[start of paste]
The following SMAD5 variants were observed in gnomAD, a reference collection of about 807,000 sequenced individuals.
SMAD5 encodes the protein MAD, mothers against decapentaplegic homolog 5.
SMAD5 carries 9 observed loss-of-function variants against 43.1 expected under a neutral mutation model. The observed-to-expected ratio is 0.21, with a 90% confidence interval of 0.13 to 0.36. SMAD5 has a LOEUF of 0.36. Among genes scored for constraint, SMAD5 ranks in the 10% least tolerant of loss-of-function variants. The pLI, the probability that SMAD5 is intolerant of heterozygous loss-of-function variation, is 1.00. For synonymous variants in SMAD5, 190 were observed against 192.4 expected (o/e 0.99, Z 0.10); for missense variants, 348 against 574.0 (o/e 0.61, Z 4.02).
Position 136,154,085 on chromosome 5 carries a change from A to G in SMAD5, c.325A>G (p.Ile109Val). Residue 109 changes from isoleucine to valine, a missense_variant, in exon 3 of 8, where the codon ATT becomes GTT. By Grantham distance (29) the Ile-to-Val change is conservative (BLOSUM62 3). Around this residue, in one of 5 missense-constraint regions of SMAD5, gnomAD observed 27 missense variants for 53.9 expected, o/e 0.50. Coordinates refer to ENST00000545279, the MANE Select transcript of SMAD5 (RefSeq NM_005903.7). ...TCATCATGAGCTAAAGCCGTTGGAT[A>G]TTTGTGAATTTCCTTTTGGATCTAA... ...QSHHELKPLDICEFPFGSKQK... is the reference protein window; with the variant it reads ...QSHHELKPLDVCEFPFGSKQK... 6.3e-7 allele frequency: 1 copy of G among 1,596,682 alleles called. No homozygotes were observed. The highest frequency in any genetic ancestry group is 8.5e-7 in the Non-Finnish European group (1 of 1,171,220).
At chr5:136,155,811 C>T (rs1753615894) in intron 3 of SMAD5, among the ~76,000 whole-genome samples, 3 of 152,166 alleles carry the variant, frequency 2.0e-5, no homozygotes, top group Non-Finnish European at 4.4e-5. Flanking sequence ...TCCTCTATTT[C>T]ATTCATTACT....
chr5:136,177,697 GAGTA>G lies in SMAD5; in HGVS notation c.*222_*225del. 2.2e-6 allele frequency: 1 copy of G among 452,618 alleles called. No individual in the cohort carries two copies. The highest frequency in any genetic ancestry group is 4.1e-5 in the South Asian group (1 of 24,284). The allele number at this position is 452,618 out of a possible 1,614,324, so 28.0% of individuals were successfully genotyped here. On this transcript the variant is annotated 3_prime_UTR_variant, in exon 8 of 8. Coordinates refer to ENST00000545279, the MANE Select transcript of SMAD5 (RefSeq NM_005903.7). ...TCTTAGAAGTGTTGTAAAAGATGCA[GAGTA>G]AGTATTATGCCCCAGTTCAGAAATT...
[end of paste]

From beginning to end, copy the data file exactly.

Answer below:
The following SMAD5 variants were observed in gnomAD, a reference collection of about 807,000 sequenced individuals.
SMAD5 encodes the protein MAD, mothers against decapentaplegic homolog 5.
SMAD5 carries 9 observed loss-of-function variants against 43.1 expected under a neutral mutation model. The observed-to-expected ratio is 0.21, with a 90% confidence interval of 0.13 to 0.36. SMAD5 has a LOEUF of 0.36. Among genes scored for constraint, SMAD5 ranks in the 10% least tolerant of loss-of-function variants. The pLI, the probability that SMAD5 is intolerant of heterozygous loss-of-function variation, is 1.00. For synonymous variants in SMAD5, 190 were observed against 192.4 expected (o/e 0.99, Z 0.10); for missense variants, 348 against 574.0 (o/e 0.61, Z 4.02).
Position 136,154,085 on chromosome 5 carries a change from A to G in SMAD5, c.325A>G (p.Ile109Val). Residue 109 changes from isoleucine to valine, a missense_variant, in exon 3 of 8, where the codon ATT becomes GTT. By Grantham distance (29) the Ile-to-Val change is conservative (BLOSUM62 3). Around this residue, in one of 5 missense-constraint regions of SMAD5, gnomAD observed 27 missense variants for 53.9 expected, o/e 0.50. Coordinates refer to ENST00000545279, the MANE Select transcript of SMAD5 (RefSeq NM_005903.7). ...TCATCATGAGCTAAAGCCGTTGGAT[A>G]TTTGTGAATTTCCTTTTGGATCTAA... ...QSHHELKPLDICEFPFGSKQK... is the reference protein window; with the variant it reads ...QSHHELKPLDVCEFPFGSKQK... 6.3e-7 allele frequency: 1 copy of G among 1,596,682 alleles called. No homozygotes were observed. The highest frequency in any genetic ancestry group is 8.5e-7 in the Non-Finnish European group (1 of 1,171,220).
At chr5:136,155,811 C>T (rs1753615894) in intron 3 of SMAD5, among the ~76,000 whole-genome samples, 3 of 152,166 alleles carry the variant, frequency 2.0e-5, no homozygotes, top group Non-Finnish European at 4.4e-5. Flanking sequence ...TCCTCTATTT[C>T]ATTCATTACT....
chr5:136,177,697 GAGTA>G lies in SMAD5; in HGVS notation c.*222_*225del. 2.2e-6 allele frequency: 1 copy of G among 452,618 alleles called. No individual in the cohort carries two copies. The highest frequency in any genetic ancestry group is 4.1e-5 in the South Asian group (1 of 24,284). The allele number at this position is 452,618 out of a possible 1,614,324, so 28.0% of individuals were successfully genotyped here. On this transcript the variant is annotated 3_prime_UTR_variant, in exon 8 of 8. Coordinates refer to ENST00000545279, the MANE Select transcript of SMAD5 (RefSeq NM_005903.7). ...TCTTAGAAGTGTTGTAAAAGATGCA[GAGTA>G]AGTATTATGCCCCAGTTCAGAAATT...